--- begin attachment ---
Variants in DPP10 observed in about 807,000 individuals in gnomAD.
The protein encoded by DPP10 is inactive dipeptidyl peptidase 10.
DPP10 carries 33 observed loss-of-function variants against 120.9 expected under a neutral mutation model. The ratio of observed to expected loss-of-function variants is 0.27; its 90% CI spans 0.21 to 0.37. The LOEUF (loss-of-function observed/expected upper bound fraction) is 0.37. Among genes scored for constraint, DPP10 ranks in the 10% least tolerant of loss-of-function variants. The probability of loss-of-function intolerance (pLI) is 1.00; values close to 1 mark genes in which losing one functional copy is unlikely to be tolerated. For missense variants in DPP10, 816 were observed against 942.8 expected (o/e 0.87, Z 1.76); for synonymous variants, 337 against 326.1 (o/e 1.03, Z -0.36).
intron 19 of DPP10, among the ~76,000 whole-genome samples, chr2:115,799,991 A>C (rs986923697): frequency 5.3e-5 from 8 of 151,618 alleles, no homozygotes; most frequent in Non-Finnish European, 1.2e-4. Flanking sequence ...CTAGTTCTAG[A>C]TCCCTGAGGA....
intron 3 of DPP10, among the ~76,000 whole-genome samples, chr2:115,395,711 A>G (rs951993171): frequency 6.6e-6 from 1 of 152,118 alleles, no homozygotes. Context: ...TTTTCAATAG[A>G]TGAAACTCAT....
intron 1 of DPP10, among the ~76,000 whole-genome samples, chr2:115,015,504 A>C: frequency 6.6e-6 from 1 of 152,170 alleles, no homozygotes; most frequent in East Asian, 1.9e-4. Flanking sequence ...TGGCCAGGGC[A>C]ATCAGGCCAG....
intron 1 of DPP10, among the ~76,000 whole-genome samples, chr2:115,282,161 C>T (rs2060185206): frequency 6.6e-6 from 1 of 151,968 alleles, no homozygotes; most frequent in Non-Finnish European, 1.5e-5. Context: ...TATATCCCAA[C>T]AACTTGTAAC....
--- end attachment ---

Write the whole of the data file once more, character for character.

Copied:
Variants in DPP10 observed in about 807,000 individuals in gnomAD.
The protein encoded by DPP10 is inactive dipeptidyl peptidase 10.
DPP10 carries 33 observed loss-of-function variants against 120.9 expected under a neutral mutation model. The ratio of observed to expected loss-of-function variants is 0.27; its 90% CI spans 0.21 to 0.37. The LOEUF (loss-of-function observed/expected upper bound fraction) is 0.37. Among genes scored for constraint, DPP10 ranks in the 10% least tolerant of loss-of-function variants. The probability of loss-of-function intolerance (pLI) is 1.00; values close to 1 mark genes in which losing one functional copy is unlikely to be tolerated. For missense variants in DPP10, 816 were observed against 942.8 expected (o/e 0.87, Z 1.76); for synonymous variants, 337 against 326.1 (o/e 1.03, Z -0.36).
intron 19 of DPP10, among the ~76,000 whole-genome samples, chr2:115,799,991 A>C (rs986923697): frequency 5.3e-5 from 8 of 151,618 alleles, no homozygotes; most frequent in Non-Finnish European, 1.2e-4. Flanking sequence ...CTAGTTCTAG[A>C]TCCCTGAGGA....
intron 3 of DPP10, among the ~76,000 whole-genome samples, chr2:115,395,711 A>G (rs951993171): frequency 6.6e-6 from 1 of 152,118 alleles, no homozygotes. Context: ...TTTTCAATAG[A>G]TGAAACTCAT....
intron 1 of DPP10, among the ~76,000 whole-genome samples, chr2:115,015,504 A>C: frequency 6.6e-6 from 1 of 152,170 alleles, no homozygotes; most frequent in East Asian, 1.9e-4. Flanking sequence ...TGGCCAGGGC[A>C]ATCAGGCCAG....
intron 1 of DPP10, among the ~76,000 whole-genome samples, chr2:115,282,161 C>T (rs2060185206): frequency 6.6e-6 from 1 of 151,968 alleles, no homozygotes; most frequent in Non-Finnish European, 1.5e-5. Context: ...TATATCCCAA[C>T]AACTTGTAAC....